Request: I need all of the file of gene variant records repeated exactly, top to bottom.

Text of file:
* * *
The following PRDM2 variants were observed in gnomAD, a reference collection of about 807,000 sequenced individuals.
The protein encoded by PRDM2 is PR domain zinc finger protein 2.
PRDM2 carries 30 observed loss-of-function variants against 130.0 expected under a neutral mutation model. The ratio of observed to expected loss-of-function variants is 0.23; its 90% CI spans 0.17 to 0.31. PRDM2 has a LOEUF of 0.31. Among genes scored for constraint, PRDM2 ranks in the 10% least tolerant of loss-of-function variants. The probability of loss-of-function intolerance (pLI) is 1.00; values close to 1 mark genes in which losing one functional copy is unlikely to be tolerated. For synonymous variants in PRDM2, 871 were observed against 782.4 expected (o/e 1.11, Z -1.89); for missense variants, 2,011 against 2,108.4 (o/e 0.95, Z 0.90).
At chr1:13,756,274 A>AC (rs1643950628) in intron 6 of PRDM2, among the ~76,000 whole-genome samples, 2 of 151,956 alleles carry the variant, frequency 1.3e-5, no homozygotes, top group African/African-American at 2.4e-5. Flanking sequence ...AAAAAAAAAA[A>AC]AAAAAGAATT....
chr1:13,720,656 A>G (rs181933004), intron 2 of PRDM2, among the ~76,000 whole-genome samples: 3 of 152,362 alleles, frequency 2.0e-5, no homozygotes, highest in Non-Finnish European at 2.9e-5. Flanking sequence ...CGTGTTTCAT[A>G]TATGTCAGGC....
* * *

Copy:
The following PRDM2 variants were observed in gnomAD, a reference collection of about 807,000 sequenced individuals.
The protein encoded by PRDM2 is PR domain zinc finger protein 2.
PRDM2 carries 30 observed loss-of-function variants against 130.0 expected under a neutral mutation model. The ratio of observed to expected loss-of-function variants is 0.23; its 90% CI spans 0.17 to 0.31. PRDM2 has a LOEUF of 0.31. Among genes scored for constraint, PRDM2 ranks in the 10% least tolerant of loss-of-function variants. The probability of loss-of-function intolerance (pLI) is 1.00; values close to 1 mark genes in which losing one functional copy is unlikely to be tolerated. For synonymous variants in PRDM2, 871 were observed against 782.4 expected (o/e 1.11, Z -1.89); for missense variants, 2,011 against 2,108.4 (o/e 0.95, Z 0.90).
At chr1:13,756,274 A>AC (rs1643950628) in intron 6 of PRDM2, among the ~76,000 whole-genome samples, 2 of 151,956 alleles carry the variant, frequency 1.3e-5, no homozygotes, top group African/African-American at 2.4e-5. Flanking sequence ...AAAAAAAAAA[A>AC]AAAAAGAATT....
chr1:13,720,656 A>G (rs181933004), intron 2 of PRDM2, among the ~76,000 whole-genome samples: 3 of 152,362 alleles, frequency 2.0e-5, no homozygotes, highest in Non-Finnish European at 2.9e-5. Flanking sequence ...CGTGTTTCAT[A>G]TATGTCAGGC....